Julie Corrales


julie corrales is a first-generation Chicana, an autodidactic chola, political activist, teen-mother, hoochie, feminist, survivor, actively engaged in her own decolonization. Mexica by blood, American by her parents’ sweat and tears, she draws on her experiences to advocate for and write about Latinx issues. As a youth, julie wrote melodramatic rhyming love poems, many which are still in circulation among California inmates. Since then, her essays have been published in the San Diego Union Tribune and La Prensa San Diego; her poetry has been featured on La Bloga, a Chicanx literary blog, and included in Palabra, An Open Mic anthology. She performs spoken word at various venues in San Diego. 

to the girl sitting on the ground outside the office bathroom
her mother was cleaning on the night i was working late…


i see you, morita. i remember.


i too was subjected to boring nights

outside a bathroom   

outside an office

in a hollow building     my bone-set

loneliness    echoing off of tile floors and white walls

while my mother  knelt over a toilet  

             just on the other side of the door


i was also met in the hallway    by lone

late workers   a man in a plain button-up  

sleeves    rolled up as if he would  ever

have his arms up to his elbows in anything

the tall thin white woman with features

i saw in every 80s music video  

but never in my neighborhood ---  her beauty

a jarring reminder   i do not belong


the men would almost always  stop

in the their tracks   their jaws would fall

slightly   they wouldn’t say anything

but if they had i’m certain they would have stuttered

their eyes would go from wide and round ---

                           who is this foreign girl jutting out

                  in my comfortable world?

 to furrowed and fiery ---

                  why am i affronted with things i don’t want to see?  

then they’d notice my mother’s cart and      all my skin

    would wince   with their judgement ---

                  who would ever bring their child here?


the women wouldn’t miss a beat

their eyes would dart up   and down   my pubescent

body  -- size me up in the 2.5 seconds

it takes them to size up    any woman   of any age

and quickly surmise that     i was no threat

    brown   and round  and dismal --   far, far removed

from anything that is them     a half-glance telling

                                    me all the things   i already knew

their pace never slowing  i’d just  disappear

right in front of them     my mother never even materialized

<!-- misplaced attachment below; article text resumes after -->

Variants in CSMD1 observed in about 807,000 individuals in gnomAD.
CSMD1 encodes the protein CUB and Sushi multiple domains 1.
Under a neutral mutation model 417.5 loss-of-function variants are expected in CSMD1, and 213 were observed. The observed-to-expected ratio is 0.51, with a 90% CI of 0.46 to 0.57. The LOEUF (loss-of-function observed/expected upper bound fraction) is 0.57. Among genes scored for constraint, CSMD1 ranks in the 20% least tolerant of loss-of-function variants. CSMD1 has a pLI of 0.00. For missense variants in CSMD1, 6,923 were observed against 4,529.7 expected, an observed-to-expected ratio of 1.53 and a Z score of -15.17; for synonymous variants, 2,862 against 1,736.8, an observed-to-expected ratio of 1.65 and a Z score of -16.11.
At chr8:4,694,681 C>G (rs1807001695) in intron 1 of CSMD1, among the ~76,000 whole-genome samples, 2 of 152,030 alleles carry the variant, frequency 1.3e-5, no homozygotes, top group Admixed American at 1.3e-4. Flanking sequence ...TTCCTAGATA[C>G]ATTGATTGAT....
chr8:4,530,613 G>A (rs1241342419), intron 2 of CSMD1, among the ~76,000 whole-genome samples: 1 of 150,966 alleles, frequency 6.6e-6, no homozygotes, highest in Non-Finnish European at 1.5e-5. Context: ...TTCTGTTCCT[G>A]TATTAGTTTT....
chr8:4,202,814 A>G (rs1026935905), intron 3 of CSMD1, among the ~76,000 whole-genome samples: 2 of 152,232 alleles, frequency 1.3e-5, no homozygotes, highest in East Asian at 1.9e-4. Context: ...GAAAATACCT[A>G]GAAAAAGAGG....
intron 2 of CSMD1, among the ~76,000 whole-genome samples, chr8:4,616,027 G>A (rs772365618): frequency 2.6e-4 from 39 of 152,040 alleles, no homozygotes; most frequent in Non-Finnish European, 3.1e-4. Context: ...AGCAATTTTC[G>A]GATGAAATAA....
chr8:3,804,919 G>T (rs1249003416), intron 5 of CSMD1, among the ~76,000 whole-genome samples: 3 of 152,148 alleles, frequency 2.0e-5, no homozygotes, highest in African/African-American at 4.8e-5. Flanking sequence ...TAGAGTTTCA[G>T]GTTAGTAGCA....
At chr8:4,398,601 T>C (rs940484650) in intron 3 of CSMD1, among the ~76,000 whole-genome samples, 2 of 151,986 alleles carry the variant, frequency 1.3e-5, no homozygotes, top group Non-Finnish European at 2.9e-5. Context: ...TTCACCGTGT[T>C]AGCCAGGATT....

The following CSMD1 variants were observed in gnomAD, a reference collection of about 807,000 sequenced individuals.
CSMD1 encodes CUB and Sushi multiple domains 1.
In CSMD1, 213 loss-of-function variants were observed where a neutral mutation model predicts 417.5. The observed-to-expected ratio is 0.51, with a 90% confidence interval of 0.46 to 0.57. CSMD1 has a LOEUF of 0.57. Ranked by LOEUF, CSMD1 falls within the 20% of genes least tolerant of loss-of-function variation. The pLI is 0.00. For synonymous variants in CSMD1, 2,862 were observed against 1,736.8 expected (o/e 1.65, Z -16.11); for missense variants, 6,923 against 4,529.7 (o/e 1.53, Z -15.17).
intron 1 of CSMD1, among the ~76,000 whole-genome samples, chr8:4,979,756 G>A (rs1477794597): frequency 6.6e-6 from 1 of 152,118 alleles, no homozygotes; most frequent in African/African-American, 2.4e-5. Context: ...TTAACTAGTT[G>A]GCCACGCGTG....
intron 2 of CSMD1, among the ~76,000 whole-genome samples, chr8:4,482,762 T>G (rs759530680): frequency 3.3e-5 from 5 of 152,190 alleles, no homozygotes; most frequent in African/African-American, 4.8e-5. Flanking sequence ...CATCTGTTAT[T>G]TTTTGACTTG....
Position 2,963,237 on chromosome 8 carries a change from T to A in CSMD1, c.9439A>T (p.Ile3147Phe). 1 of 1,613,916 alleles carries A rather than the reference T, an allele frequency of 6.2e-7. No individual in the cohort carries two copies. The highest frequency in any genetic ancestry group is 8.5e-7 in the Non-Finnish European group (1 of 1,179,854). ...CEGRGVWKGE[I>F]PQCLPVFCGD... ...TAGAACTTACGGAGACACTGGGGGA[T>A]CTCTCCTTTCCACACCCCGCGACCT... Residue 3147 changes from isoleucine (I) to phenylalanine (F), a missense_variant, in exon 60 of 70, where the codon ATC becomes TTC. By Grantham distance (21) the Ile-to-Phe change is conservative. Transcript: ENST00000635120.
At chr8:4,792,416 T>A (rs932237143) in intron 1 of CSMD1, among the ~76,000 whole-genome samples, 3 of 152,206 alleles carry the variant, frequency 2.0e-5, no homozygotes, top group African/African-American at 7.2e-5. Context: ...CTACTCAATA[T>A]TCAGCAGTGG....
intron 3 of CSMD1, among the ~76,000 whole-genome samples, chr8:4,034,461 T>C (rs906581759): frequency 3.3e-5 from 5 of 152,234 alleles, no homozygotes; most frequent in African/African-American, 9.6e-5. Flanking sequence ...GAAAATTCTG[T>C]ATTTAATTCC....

i remember shrinking further into myself

i remember wondering what normal

             kids were doing,  certain i was not normal

i remember humiliation pulling me   down   down

      into hard brown carpeting ---

carpeting my mother would soon vacuum

             while walking   backwards  out of the room

so as to leave  no  footprints

     she:  a ghost that empties trash cans

             me:  a ghost of a ghost


mija, i know you are angry at her for bringing you here

i know you wish to shed her like old skin     leave her

         and her cleaning cart    and the hard carpet

in another life and walk into a new one  --- a life

where you roll up your sleeves   for no reason   --- a life

where you do more   than haunt hallways   in places   you don’t belong


you will ---

         you will and your whole life when you see cleaning staff

in the hall you’ll offer them the   warmest smile you can muster

         your eyes will glimmer      si se puede

         and they’ll look right at you

         and their eyes will beam back     gracias

you'll take your lunch out back where they gather    

you’ll find every opportunity to tell them      

                                       mi mamá también limpiaba oficinas   

and bask in their pride        they will see their daughters in you

         as i see my mother in them      as i see me in you


that night     as my childhood poured

   into the office foyer     i pull myself to the present

i turned my whole body to face you     reaching---

    clumsily---    for something to give you   i managed to say

             i remember coming to work with my mom at night, just like this…

all the shame dropped from your brow     we smiled at each other


I see you, mija. You are no ghost.


The Acentos Review 2019